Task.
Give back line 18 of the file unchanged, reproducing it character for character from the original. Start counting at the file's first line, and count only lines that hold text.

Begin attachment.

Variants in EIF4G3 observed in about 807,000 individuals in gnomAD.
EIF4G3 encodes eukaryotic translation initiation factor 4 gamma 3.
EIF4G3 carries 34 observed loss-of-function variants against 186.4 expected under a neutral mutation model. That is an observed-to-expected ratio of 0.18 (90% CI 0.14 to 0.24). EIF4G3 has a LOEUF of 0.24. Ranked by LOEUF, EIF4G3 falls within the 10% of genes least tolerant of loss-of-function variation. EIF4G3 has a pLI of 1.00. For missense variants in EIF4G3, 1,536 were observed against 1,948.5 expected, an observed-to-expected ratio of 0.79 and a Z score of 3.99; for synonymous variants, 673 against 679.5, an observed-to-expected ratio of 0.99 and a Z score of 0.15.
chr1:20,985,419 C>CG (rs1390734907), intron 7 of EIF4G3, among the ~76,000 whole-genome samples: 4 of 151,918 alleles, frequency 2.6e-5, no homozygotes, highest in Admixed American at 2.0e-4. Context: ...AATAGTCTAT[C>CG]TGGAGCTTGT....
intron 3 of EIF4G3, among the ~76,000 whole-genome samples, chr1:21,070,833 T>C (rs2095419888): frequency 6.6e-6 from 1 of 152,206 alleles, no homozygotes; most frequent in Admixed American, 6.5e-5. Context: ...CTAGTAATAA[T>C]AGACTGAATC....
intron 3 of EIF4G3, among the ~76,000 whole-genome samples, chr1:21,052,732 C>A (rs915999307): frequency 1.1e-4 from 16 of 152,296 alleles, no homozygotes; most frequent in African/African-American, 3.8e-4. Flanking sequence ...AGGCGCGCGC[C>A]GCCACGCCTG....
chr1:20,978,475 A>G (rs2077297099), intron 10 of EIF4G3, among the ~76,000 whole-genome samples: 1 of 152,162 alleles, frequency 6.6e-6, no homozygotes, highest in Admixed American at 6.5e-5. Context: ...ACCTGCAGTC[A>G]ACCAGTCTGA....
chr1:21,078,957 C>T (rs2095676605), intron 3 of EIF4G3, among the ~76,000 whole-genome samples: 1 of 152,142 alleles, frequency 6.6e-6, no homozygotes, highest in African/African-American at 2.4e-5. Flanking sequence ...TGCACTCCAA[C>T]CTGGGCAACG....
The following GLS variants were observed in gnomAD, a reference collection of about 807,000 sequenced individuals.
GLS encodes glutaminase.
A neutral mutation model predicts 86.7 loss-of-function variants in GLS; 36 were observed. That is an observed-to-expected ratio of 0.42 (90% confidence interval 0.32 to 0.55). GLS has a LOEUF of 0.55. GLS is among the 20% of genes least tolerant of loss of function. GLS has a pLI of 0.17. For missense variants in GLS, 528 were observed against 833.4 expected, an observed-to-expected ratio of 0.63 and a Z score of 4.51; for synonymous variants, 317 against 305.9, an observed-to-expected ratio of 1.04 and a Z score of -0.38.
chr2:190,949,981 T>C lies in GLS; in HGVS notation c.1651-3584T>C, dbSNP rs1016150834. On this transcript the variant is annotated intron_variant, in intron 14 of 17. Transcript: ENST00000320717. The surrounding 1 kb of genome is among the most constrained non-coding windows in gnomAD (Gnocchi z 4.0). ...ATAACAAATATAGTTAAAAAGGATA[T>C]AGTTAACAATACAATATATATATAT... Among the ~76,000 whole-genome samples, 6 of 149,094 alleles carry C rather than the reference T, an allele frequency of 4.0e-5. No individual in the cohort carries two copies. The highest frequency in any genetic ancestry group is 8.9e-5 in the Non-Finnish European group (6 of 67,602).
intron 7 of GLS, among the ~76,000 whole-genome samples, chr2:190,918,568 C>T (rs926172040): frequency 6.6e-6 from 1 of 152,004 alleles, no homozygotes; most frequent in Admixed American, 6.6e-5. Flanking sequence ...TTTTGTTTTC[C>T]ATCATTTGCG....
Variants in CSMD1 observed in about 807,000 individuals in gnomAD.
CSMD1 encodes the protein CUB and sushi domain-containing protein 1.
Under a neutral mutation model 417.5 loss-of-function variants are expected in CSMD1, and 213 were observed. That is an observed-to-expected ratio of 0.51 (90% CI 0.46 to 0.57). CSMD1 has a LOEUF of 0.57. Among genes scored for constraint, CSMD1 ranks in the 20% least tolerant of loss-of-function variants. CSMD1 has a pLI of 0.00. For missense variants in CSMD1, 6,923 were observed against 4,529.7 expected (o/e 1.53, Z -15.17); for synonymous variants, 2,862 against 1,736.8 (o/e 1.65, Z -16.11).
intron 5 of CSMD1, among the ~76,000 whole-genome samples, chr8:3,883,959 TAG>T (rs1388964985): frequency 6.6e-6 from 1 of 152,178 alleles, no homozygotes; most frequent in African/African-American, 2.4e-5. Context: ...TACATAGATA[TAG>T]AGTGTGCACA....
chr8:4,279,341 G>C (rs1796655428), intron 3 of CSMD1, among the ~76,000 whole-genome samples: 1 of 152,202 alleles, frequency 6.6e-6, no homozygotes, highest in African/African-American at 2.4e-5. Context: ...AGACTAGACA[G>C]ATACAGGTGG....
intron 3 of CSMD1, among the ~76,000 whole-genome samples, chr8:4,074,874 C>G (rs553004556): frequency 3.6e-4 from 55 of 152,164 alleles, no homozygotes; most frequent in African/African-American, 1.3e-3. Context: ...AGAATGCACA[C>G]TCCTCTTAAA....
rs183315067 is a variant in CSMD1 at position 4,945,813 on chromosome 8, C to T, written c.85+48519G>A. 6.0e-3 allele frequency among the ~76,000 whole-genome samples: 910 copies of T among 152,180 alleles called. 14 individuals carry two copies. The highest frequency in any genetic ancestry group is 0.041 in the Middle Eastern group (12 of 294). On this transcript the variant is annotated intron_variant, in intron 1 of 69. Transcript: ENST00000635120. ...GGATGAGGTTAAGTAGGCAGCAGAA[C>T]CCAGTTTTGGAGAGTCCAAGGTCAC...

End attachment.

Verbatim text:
chr8:4,279,341 G>C (rs1796655428), intron 3 of CSMD1, among the ~76,000 whole-genome samples: 1 of 152,202 alleles, frequency 6.6e-6, no homozygotes, highest in African/African-American at 2.4e-5. Context: ...AGACTAGACA[G>C]ATACAGGTGG....